The United States on Friday announced it approved precision military strikes on Syria after alleging that the Assad regime used chemical weapons in a recent attack in the country.
The size of the strike was twice the size of the U.S. assault last year. Fox News confirmed that warships and U.S. Air Force B-1 bombers were used in Friday’s bombing campaign.
The B-1 bombers flew out of Qatar and have the ability to fire from 600 miles away. U.S. guided-missile destroyers can launch Tomahawk cruise missiles with a maximum range of 1,500 miles.
President Trump called the assault “a combined operation with the armed forces of France and the United Kingdom.” The U.S. said Russia was not notified about the strike.
Defense Secretary James Mattis said no follow-up attacks are planned. He said the Pentagon was careful to ensure the safety of Russian troops and Syrian civilians in the area. There were three targets in the strikes as opposed to the single airbase in last year’s assault.
“Clearly the Assad regime did not get the message last year,” Mattis said. “This time our allies and we have struck harder.”
Mattis said the U.S. intelligence has determined that the Syrian government used chlorine gas in last Saturday’s poison attack.
Anatoly Antonov, Russia’s ambassador to the U.S., said a pre-designed scenario is being implemented.
“Again, we are being threatened,” he said. “We warned that such actions will not be left without consequences. All responsibility for them rests with Washington, London and Paris.”
Trump, in the meantime, touted the support of two major allies who also blame the chemical attacks on Assad.
French President Emmanuel Macron said the operation was targeting the “clandestine chemical arsenal.”
British Prime Minister Theresa May said she “authorized British armed forces to conduct coordinated and targeted strikes to degrade the Syrian Regime’s chemical weapons capability and deter their use.”
Trump’s announcement immediately preceded reports of loud explosions lighting up the sky in Damascus, the Syrian capital.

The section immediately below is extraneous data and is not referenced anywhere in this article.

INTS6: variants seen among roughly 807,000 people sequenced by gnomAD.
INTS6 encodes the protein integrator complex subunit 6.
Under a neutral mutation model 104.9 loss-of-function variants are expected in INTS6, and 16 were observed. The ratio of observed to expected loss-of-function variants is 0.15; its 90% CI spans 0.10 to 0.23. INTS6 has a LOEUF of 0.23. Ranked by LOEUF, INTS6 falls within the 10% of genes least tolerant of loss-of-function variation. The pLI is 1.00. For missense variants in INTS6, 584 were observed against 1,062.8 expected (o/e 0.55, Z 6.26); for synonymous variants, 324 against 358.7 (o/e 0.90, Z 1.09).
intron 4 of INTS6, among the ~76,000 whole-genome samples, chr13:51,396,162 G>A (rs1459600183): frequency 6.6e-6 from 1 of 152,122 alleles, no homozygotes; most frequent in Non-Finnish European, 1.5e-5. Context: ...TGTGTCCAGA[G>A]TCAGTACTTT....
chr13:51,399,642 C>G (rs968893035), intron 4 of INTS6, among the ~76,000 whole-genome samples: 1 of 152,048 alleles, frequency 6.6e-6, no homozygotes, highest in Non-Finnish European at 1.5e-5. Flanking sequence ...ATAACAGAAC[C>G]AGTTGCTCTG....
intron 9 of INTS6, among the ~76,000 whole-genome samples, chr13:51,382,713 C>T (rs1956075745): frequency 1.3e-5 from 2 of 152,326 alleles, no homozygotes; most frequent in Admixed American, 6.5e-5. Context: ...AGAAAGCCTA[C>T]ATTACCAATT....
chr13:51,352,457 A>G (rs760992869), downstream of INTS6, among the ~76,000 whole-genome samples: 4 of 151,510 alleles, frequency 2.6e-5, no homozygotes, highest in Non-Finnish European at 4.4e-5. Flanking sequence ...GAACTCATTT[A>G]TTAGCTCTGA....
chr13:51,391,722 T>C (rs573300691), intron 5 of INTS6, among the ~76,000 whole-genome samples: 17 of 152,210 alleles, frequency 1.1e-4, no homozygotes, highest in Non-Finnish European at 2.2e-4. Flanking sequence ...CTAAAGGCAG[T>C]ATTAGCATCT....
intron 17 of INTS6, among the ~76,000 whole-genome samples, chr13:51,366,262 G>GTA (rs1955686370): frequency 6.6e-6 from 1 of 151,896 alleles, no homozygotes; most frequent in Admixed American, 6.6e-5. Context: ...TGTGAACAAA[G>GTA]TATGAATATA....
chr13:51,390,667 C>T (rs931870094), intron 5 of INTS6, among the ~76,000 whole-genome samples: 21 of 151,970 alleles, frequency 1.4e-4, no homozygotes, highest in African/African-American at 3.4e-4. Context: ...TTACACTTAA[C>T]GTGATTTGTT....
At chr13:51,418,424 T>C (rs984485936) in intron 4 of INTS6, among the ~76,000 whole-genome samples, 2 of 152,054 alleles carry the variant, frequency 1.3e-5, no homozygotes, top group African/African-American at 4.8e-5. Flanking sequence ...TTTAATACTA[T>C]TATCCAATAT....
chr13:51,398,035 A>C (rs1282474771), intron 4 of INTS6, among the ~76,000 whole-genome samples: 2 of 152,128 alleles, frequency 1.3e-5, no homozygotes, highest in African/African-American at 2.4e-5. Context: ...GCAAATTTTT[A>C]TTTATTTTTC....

Syrian TV reported that Syrian air defenses responded to the U.S.-British-French attack. There have been multiple strikes against at least two sites, Marine Corps Gen. Joseph Dunford, chairman of the Joint Chiefs of Staff, said late Friday from the Pentagon.
“Important infrastructure was destroyed,” Dunford said, noting that sites associated with the Syrian chemical weapons program were both “targeted and destroyed.”
Trump said the U.S. is prepared to “sustain” pressure on Assad until he ends what the president called a criminal pattern of killing his own people with internationally banned chemical weapons.
At least 40 people died in the chemical attack in Douma last Saturday, about 10 miles east of Damascus, and over 500 people, mostly women and children, were injured and brought to medical centers.
The attack occurred amid a resumed offensive by Syrian government forces after the collapse of a truce. Syrian activists, rescuers and medics said families suffocated in their homes.
Assad’s actions, Trump said, “are not the actions of a man,” but “are the crimes of a monster instead.”
A similar chemical attack in Khan Sheikhoun in April 2017 that killed nearly 100 people prompted the U.S. to launch dozens of cruise missiles at a Syrian airfield to dissuade Assad from using chemical weapons in the future, officials said. But during the weekend, images of dead and sick women and children again circulated following another alleged chemical attack.
Trump also hit Russia and Iran for their sustained support of the Assad regime.
“The nations of the world can be judged by the friends that they keep,” he continued. “Russia must decide if it will continue down this dark path or continue with civilized nations.”